Dorsoproximal proximal phalanx osteochondral fragmentation in 117 Warmblood horses

J. Declercq; A. Martens; D. Maes; B. Boussauw; R. Forsyth; K. J. Boening
Veterinary and Comparative Orthopaedics and Traumatology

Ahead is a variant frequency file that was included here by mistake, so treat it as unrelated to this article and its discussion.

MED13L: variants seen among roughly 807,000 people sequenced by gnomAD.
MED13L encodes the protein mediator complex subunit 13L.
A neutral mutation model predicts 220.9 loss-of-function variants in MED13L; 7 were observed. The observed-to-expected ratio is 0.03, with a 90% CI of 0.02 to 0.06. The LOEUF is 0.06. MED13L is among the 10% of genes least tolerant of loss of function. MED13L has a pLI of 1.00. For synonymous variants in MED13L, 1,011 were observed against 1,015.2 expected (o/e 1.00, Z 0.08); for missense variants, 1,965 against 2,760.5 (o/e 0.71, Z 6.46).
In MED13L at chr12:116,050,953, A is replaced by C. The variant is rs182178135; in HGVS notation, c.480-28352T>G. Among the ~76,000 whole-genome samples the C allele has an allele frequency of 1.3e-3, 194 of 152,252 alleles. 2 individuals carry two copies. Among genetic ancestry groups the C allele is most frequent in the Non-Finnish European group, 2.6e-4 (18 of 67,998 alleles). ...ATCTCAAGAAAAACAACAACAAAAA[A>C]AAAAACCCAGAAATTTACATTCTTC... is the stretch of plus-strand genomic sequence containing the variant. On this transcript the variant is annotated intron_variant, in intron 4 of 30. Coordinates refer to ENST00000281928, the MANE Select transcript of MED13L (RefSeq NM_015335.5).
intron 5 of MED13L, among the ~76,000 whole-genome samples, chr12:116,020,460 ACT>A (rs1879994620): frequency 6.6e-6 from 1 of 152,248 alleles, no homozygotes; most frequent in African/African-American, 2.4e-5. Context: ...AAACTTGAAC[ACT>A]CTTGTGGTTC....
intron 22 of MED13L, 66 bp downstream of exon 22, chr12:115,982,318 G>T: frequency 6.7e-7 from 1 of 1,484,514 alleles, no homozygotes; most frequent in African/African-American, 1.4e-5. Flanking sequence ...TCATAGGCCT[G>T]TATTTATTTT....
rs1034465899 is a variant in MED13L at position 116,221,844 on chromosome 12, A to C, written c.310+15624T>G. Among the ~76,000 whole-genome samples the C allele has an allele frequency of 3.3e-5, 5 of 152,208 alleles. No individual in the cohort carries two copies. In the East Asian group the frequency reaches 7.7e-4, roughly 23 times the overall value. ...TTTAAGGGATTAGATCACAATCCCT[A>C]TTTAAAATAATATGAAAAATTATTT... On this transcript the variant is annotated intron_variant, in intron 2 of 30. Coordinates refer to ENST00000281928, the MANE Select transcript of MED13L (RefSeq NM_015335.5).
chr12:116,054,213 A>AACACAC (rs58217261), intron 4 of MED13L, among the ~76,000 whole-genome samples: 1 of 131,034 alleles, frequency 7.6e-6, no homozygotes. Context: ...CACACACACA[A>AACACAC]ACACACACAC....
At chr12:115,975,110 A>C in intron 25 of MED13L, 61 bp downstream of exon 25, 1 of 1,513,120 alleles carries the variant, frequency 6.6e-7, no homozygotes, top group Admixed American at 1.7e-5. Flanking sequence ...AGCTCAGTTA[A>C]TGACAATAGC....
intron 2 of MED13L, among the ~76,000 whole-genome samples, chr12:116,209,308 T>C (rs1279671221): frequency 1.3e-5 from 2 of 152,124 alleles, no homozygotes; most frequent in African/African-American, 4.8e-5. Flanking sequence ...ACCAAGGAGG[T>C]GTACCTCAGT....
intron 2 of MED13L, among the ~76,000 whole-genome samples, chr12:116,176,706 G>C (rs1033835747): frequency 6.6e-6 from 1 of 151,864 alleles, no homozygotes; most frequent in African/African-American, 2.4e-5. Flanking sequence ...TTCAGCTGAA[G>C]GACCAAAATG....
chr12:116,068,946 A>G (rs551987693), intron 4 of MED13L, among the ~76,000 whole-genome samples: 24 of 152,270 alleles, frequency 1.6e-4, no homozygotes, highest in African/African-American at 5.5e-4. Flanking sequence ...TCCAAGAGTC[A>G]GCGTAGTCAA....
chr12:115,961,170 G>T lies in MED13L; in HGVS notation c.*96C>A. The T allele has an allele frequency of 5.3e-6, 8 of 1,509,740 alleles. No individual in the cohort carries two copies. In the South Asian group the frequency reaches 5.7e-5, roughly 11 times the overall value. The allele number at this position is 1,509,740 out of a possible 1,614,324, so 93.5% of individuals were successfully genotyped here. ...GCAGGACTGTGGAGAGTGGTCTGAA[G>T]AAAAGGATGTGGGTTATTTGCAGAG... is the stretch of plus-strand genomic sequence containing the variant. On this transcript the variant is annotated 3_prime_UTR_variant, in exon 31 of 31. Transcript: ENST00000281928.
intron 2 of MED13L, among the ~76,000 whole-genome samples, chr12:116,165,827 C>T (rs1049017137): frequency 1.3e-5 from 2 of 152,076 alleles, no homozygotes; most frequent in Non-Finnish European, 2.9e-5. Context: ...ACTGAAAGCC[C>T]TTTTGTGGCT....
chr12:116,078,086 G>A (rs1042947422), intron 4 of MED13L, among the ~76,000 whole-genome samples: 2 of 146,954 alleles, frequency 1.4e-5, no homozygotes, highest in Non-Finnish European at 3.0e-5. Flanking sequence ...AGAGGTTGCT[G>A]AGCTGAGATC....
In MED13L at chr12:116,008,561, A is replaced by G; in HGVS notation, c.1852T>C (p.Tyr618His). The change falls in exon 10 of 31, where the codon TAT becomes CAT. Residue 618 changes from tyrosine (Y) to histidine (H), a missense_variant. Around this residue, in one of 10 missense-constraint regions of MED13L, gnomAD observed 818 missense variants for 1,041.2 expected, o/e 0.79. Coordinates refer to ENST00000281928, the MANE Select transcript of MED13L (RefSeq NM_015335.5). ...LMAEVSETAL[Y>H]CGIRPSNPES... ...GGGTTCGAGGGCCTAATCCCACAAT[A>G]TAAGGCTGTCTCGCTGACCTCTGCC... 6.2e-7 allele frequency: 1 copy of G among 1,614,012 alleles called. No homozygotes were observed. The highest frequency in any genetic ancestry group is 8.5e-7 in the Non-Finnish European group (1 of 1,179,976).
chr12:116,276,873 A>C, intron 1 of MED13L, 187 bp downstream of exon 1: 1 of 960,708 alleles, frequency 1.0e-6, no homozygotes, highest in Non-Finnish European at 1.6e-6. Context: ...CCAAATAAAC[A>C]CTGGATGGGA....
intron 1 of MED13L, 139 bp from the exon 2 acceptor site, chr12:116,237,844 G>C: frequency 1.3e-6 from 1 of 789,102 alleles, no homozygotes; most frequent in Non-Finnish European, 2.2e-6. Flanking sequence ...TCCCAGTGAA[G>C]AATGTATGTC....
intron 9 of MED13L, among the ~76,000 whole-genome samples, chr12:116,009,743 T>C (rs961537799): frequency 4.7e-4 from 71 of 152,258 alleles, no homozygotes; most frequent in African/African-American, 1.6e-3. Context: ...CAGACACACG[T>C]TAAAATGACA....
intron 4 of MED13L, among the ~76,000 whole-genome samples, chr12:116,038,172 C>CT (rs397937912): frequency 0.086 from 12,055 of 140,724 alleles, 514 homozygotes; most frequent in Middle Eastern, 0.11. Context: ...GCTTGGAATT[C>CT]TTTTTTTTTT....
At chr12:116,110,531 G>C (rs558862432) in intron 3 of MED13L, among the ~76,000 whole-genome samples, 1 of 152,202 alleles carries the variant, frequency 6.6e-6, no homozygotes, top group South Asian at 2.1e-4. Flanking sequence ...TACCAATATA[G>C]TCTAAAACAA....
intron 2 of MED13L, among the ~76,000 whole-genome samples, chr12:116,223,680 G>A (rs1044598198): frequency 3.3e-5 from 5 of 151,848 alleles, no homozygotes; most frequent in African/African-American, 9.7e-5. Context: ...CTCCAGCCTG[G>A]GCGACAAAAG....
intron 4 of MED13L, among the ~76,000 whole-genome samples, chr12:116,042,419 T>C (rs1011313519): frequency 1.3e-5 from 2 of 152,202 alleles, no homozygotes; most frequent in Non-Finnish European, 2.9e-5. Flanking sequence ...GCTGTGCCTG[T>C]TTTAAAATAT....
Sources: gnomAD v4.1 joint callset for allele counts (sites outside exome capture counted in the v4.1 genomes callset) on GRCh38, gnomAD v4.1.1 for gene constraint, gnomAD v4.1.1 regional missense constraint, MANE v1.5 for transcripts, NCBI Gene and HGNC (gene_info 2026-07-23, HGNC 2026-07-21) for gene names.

The objective of the present study was to determine clinical and arthroscopic characteristics associated with dorsoproximal proximal phalanx (P1) fragments in Warmblood horses, as well as to examine their histopathological appearance. One hundred sixty-eight fragments were removed from 150 fetlocks of 117 Warmblood horses. Details of signalment and results of clinical examination were collected prior to surgery. After arthroscopic fragment removal and joint evaluation for synovial and/or cartilage abnormalities, the fragments were measured and evaluated histopathologically. The vast majority of the fragments (95.2%) were found medially, without predilection for front or hind limbs. In 10% of the joints, more than one fragment was present. The mean size of the fragments was 6.8 ± 2.6 mm. Only eight horses presented fetlock-related lameness. Horses of seven years of age and older (OR=13.32; p=0.033) and the presence of more than one fragment (OR=11.12;p=0.016) were significantly associated with lameness. Arthroscopic evaluation revealed one or more abnormalities in 50.7% of the joints. On histopathology, osteochondral fragments presented as a bony center covered with smooth hyaline cartilage on one side and some fibrous tissue on the other side. No clear histopathological signs were indicating precisely their origin. In Warmblood horses with dorsoproximal P1 fragments, the age (seven years and older) and the presence of more than one fragment in a fetlock significantly increased the risk of lameness. The osteochondral dorsoproximal P1 fragments could be defined as a developmental orthopaedic diseas